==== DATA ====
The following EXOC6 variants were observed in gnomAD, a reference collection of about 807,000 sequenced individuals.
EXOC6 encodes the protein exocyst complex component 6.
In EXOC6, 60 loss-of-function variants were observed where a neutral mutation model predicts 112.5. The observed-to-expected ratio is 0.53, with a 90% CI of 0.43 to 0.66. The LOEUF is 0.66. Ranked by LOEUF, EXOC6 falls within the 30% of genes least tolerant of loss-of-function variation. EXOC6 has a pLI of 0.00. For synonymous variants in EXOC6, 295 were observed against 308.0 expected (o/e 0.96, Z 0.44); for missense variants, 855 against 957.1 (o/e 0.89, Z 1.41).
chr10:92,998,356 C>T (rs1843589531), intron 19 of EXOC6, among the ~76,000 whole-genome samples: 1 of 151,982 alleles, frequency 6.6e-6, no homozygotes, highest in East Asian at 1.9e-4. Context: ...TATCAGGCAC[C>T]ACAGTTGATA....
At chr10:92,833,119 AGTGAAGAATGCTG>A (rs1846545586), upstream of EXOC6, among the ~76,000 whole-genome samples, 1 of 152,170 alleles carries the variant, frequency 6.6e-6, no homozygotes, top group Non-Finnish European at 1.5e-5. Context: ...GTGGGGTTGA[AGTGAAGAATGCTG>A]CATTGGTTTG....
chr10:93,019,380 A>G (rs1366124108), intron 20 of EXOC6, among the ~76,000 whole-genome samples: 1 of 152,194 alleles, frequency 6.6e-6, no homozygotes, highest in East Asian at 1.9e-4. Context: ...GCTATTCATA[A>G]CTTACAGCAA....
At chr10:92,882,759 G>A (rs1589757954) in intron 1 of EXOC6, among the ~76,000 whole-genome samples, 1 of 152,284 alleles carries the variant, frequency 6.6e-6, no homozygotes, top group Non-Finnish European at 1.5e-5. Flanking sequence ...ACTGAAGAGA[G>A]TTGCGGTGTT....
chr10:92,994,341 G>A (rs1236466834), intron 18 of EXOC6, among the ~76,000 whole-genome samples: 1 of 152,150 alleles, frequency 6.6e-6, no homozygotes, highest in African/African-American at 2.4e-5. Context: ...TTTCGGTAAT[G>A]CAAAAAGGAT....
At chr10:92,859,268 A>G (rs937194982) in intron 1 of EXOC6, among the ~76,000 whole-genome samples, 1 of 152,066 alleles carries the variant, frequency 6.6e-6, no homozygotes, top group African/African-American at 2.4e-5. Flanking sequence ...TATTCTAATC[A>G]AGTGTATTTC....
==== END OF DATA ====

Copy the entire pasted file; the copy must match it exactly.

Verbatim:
The following EXOC6 variants were observed in gnomAD, a reference collection of about 807,000 sequenced individuals.
EXOC6 encodes the protein exocyst complex component 6.
In EXOC6, 60 loss-of-function variants were observed where a neutral mutation model predicts 112.5. The observed-to-expected ratio is 0.53, with a 90% CI of 0.43 to 0.66. The LOEUF is 0.66. Ranked by LOEUF, EXOC6 falls within the 30% of genes least tolerant of loss-of-function variation. EXOC6 has a pLI of 0.00. For synonymous variants in EXOC6, 295 were observed against 308.0 expected (o/e 0.96, Z 0.44); for missense variants, 855 against 957.1 (o/e 0.89, Z 1.41).
chr10:92,998,356 C>T (rs1843589531), intron 19 of EXOC6, among the ~76,000 whole-genome samples: 1 of 151,982 alleles, frequency 6.6e-6, no homozygotes, highest in East Asian at 1.9e-4. Context: ...TATCAGGCAC[C>T]ACAGTTGATA....
At chr10:92,833,119 AGTGAAGAATGCTG>A (rs1846545586), upstream of EXOC6, among the ~76,000 whole-genome samples, 1 of 152,170 alleles carries the variant, frequency 6.6e-6, no homozygotes, top group Non-Finnish European at 1.5e-5. Context: ...GTGGGGTTGA[AGTGAAGAATGCTG>A]CATTGGTTTG....
chr10:93,019,380 A>G (rs1366124108), intron 20 of EXOC6, among the ~76,000 whole-genome samples: 1 of 152,194 alleles, frequency 6.6e-6, no homozygotes, highest in East Asian at 1.9e-4. Context: ...GCTATTCATA[A>G]CTTACAGCAA....
At chr10:92,882,759 G>A (rs1589757954) in intron 1 of EXOC6, among the ~76,000 whole-genome samples, 1 of 152,284 alleles carries the variant, frequency 6.6e-6, no homozygotes, top group Non-Finnish European at 1.5e-5. Flanking sequence ...ACTGAAGAGA[G>A]TTGCGGTGTT....
chr10:92,994,341 G>A (rs1236466834), intron 18 of EXOC6, among the ~76,000 whole-genome samples: 1 of 152,150 alleles, frequency 6.6e-6, no homozygotes, highest in African/African-American at 2.4e-5. Context: ...TTTCGGTAAT[G>A]CAAAAAGGAT....
At chr10:92,859,268 A>G (rs937194982) in intron 1 of EXOC6, among the ~76,000 whole-genome samples, 1 of 152,066 alleles carries the variant, frequency 6.6e-6, no homozygotes, top group African/African-American at 2.4e-5. Flanking sequence ...TATTCTAATC[A>G]AGTGTATTTC....